The Collingwood Football Club Board needs to ensure the development of a framework for responding to incidents of racism in a way that is proactive, not reactive. This would involve reviewing and improving processes for addressing complaints of racism, and protection for whistle-blowers.
The club needs to implement a framework to ensure accountability and consequences for acts of racism committed by members of the Club community. 
Regular audits are to be undertaken of employment and anti-discrimination policies to ensure compliance with legal obligations in relation to a safe workplace.

In discussions held as part of this review, there was a genuine acknowledgement of past failures and a strong desire to do better. People external to the Club noted that it was made up of great people. However, good intentions on and off the field don’t have any significant meaning unless they are embraced and implemented.

Far-reaching benefits

Publications such as this year’s State of Reconciliation report are an effective way to check in with the progress of race relations in Australia, even when the outcomes are difficult to read. 

As found in this year’s State of Reconciliation report: 43% of the broader community and 60% of Aboriginal and Torres Strait Islander people interviewed by Reconciliation Australia agreed that Australia remains a racist country. Through undergoing regular assessments, organisations such as the Collingwood Football Club will assist with ensuring racism and bullying is always being addressed and dealt with. Throughout the course of the Do Better report, it became apparent that the Indigenous people who were engaged with the Reconciliation Action Plan Group were an untapped asset for the Club. Even while all of these people could speak to incidents of experiencing racism they stated that they’re committed to seeing the Club do better.

The report recommends that further evaluation, including independent assessments, be prepared within the Collingwood Football Club each year that presents the progress against each of the recommendations. The CFC monitoring the progress of these recommendations will ensure that they remain relevant and dynamic, and not grow static and outdated.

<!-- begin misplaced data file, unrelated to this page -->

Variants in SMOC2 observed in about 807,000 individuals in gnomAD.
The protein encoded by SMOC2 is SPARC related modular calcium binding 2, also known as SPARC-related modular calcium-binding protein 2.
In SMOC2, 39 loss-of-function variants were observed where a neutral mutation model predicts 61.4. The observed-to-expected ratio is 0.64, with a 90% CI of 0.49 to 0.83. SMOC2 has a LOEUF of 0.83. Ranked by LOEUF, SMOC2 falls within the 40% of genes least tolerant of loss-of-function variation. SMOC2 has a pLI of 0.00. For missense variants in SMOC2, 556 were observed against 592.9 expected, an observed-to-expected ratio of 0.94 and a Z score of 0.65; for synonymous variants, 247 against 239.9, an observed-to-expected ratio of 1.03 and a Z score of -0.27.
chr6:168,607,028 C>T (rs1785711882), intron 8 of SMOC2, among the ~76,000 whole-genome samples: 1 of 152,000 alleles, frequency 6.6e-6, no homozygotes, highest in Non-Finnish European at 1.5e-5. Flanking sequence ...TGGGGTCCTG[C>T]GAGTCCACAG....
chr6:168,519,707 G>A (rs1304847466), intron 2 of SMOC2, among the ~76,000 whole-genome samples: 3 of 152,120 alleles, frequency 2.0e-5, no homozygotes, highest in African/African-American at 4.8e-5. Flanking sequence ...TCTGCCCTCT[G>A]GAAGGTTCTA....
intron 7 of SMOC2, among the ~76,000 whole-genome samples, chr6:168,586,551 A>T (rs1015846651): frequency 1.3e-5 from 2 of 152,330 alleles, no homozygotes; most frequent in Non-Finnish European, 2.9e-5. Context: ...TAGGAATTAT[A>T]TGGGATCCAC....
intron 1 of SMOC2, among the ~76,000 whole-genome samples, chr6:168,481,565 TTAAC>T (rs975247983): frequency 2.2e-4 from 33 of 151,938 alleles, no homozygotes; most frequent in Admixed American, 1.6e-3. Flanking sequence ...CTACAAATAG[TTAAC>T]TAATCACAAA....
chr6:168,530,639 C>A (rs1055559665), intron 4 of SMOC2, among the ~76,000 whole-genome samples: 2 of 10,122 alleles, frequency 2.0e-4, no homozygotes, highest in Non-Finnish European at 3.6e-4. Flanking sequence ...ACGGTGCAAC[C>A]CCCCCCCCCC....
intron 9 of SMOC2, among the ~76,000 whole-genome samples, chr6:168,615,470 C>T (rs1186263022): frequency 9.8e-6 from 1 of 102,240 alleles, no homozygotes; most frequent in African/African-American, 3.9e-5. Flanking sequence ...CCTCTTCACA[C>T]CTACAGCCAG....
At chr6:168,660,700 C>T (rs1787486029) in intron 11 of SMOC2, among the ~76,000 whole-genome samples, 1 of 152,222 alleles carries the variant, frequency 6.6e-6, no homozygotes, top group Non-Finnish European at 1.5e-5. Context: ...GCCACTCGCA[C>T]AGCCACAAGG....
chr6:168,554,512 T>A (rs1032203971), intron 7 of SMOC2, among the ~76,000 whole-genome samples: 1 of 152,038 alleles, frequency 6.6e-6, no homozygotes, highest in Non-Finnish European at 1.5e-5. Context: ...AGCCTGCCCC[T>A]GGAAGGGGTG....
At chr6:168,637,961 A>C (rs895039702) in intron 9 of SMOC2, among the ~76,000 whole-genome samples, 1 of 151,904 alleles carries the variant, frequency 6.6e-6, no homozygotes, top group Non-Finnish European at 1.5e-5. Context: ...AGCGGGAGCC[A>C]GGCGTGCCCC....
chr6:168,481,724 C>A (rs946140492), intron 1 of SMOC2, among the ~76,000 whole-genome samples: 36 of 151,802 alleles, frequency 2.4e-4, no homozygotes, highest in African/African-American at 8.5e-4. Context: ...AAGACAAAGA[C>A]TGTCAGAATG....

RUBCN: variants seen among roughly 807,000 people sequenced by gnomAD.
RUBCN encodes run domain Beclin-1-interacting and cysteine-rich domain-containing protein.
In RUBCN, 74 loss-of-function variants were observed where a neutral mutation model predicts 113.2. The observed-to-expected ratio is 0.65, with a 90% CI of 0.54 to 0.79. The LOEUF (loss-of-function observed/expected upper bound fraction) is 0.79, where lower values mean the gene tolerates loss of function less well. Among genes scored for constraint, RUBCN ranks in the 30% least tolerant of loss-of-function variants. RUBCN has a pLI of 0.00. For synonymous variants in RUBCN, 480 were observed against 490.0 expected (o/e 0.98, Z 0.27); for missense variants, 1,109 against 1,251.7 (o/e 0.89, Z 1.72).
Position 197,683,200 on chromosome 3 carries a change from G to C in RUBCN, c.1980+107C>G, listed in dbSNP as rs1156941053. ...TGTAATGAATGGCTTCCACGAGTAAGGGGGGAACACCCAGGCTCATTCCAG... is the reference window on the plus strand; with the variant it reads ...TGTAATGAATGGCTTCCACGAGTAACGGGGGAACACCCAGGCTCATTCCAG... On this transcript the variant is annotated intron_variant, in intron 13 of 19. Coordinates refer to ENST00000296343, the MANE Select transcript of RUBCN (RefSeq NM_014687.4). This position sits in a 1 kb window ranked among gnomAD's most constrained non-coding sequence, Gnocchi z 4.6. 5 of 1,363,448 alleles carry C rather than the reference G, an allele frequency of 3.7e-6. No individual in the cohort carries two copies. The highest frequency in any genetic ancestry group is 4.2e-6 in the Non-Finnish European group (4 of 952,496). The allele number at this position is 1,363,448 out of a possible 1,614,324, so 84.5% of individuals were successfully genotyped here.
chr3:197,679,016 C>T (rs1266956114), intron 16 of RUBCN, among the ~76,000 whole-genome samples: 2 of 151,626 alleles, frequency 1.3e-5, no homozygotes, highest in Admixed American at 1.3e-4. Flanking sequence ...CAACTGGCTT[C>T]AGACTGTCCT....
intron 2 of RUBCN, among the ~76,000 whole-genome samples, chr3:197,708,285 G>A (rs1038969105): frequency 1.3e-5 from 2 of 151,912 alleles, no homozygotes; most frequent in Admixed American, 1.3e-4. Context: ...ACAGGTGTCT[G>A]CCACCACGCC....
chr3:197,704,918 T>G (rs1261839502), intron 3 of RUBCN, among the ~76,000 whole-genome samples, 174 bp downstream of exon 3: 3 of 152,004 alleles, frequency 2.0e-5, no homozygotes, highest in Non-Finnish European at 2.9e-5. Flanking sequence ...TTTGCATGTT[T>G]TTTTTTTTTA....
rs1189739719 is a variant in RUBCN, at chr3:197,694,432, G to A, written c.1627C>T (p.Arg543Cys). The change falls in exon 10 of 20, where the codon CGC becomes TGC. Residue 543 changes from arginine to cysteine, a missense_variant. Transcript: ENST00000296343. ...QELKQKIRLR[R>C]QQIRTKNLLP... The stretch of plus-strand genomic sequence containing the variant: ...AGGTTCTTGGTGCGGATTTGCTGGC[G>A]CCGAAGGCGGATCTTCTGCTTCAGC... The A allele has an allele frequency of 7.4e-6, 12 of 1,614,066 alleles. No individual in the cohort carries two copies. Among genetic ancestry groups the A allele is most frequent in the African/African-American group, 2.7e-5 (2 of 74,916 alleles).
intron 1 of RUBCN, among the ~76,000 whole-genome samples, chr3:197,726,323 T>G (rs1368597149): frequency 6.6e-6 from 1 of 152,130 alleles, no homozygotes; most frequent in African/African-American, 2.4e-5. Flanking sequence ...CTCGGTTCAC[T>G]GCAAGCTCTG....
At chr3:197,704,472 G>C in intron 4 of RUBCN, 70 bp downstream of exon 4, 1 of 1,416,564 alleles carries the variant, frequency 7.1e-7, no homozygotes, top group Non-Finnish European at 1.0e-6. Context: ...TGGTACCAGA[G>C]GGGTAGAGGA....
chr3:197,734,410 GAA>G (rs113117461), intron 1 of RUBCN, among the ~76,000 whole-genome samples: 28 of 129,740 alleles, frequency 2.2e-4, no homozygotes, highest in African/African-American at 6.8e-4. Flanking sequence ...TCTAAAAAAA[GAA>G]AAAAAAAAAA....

About the First Peoples & Public Policy Collection

As part of its mission to improve Indigenous policy in Australia and Aotearoa-New Zealand, ANZSOG is working to increase knowledge of Indigenous culture and history. Part of this is our support of the Analysis & Policy Observatory’s (APO) First Peoples & Public Policy Collection, launched at our Reimagining Public Administration conference in February 2019.

APO is an open access evidence platform that makes public policy research accessible and usable. It contains more than 40,000 resources, including specialist collections, grey literature reports, articles and data.

The First Peoples & Public Policy Collection is curated from a broad selection of key Indigenous policy topics, and provides a valuable resource on Indigenous affairs, with a focus on diverse Indigenous voices.


Search APO’s First Peoples & Public Policy Collection
Sign up to ANZSOG’s Indigenous news mailing list
Find out more about ANZSOG’s Indigenous engagement

Click here for other APO articles

Follow @ANZSOG